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Evidence includes previously unreleased study assessing imports for N.L.
Not all of the information considered by Nalcor Energy in 2010-12, in deciding against natural gas for domestic power, was made public at the time.
Testifying at the Muskrat Falls Inquiry Thursday, Nalcor Oil and Gas lead Jim Keating mentioned public and private (oil company) reports, and oil company positions, saying bringing offshore gas to Newfoundland by pipeline was not considered a reasonable alternative to a new hydroelectric development.
Capital cost aside, Keating testified about conversations with companies including Husky Energy, with its gas-rich White Rose field offshore Newfoundland, about purchases. He said the companies had all looked at options for landing gas, knew what was involved, and were not interested.
“I take it your position is: unless Husky expressed an interest in this, it was a dead issue?” inquiry co-counsel Barry Learmonth asked Keating.
“Absolutely,” he answered.
Learmonth asked about the wisdom of letting an oil company’s position be the end of the matter.
“There would be precious few alternatives to employ if the gas resource owner had no interest to develop an offshore project,” Keating said.
He testified he did not believe a company could be forced to produce natural gas and land it on the island.
Learmonth asked why Nalcor Energy didn’t try to negotiate with Husky. He referred to former premier Danny Williams and to negotiations before the signing of the agreements for the Hebron offshore oil project, led by ExxonMobil Canada, partnered with Chevron Canada (with a 29.6 per cent stake, Suncor Energy with 21 per cent, Equinor with 9 per cent and Nalcor Energy with 4.9 per cent).
He said the Hebron negotiations were different because there were willing parties. Companies were interested to begin with. In the case of a pipeline for natural gas to the island, that just wasn’t the case, he said.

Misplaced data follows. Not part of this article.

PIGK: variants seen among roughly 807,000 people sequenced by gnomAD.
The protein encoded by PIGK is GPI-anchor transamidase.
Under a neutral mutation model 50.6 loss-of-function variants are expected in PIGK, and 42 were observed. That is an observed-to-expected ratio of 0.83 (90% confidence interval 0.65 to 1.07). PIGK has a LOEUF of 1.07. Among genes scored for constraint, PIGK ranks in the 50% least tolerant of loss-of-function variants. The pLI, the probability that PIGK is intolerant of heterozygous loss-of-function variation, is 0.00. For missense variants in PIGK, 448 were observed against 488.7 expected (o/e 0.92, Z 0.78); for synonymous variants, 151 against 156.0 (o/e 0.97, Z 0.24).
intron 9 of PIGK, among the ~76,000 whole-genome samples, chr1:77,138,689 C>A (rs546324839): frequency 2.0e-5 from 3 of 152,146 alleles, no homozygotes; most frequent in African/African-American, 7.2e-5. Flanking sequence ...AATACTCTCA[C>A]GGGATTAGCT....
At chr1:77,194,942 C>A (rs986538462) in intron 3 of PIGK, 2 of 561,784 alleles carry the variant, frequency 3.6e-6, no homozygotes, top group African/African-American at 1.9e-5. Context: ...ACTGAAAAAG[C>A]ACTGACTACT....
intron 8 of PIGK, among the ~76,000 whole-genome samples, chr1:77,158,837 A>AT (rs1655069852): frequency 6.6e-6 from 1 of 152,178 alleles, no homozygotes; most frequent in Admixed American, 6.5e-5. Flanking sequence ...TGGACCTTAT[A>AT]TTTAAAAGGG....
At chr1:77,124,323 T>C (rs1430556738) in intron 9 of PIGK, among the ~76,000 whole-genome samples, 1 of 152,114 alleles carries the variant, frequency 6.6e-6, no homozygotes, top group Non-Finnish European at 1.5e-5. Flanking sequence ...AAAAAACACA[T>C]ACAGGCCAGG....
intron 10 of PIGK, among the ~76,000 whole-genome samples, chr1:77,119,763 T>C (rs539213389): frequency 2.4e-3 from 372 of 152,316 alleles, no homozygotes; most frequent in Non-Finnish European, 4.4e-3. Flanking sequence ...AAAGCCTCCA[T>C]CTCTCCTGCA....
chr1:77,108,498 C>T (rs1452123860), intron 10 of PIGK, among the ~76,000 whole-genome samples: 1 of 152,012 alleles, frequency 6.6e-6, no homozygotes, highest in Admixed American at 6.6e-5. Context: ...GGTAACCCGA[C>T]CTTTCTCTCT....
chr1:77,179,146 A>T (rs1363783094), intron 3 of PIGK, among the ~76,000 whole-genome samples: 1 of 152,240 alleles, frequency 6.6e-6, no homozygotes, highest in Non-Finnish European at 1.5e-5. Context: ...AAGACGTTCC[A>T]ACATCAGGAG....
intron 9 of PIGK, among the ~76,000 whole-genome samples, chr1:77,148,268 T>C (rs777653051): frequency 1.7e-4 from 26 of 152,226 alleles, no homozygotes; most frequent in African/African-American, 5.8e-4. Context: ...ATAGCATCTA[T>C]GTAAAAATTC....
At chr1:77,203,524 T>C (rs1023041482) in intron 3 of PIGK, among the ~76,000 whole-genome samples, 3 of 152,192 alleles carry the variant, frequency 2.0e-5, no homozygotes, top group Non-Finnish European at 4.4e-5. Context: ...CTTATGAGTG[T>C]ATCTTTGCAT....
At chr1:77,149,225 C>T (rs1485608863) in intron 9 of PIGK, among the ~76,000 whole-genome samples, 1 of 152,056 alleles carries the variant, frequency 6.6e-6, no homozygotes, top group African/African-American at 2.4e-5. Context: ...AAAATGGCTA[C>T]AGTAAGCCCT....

He also said trying to force any operator into an immediate development would have had a “chilling effect” on investments in Newfoundland and Labrador.
As for what a pipeline might cost, he agreed Nalcor Energy didn’t commission a feasibility study. “Because we had understood — and the condition still exists to this day — that a small-bore pipeline to feed the domestic market was either uneconomic or less optimal than a host of other natural gas opportunities,” he said, referring to his memory of an examination by Husky Energy in 2003-04.
He said there was no change in inputs in the interim to spur Nalcor Energy to review the idea.
But Nalcor Energy did investigate the alternative possibility of importing gas from the international marketplace.
A report not previously made public was entered into evidence. “Newfoundland LNG Import Advisory” was produced by PIRA Energy for Nalcor Energy and dated Sept. 7, 2012. It priced imports, noting potentially higher than expected shipping costs given the ice-class vessel required, that forecasted “fair” gas prices could run higher for the province at the decision of the seller, and remarked on the province’s energy mix and significance of the gas proposal in feeding base energy demand.
“(Newfoundland and Labrador’s) projected degree of dependence on one single fossil fuel, LNG, for thermal power generation is almost exclusive,” it stated.
Keating’s time on the stand followed testimony on Oct. 5 and Nov. 5 from Memorial University of Newfoundland professor and engineer Stephen Bruneau, who spoke about the available information on natural gas, and that it was not fully explored.
Keating testified that he respected Bruneau, but believed their understanding on pipeline potential was simply shaped by different information.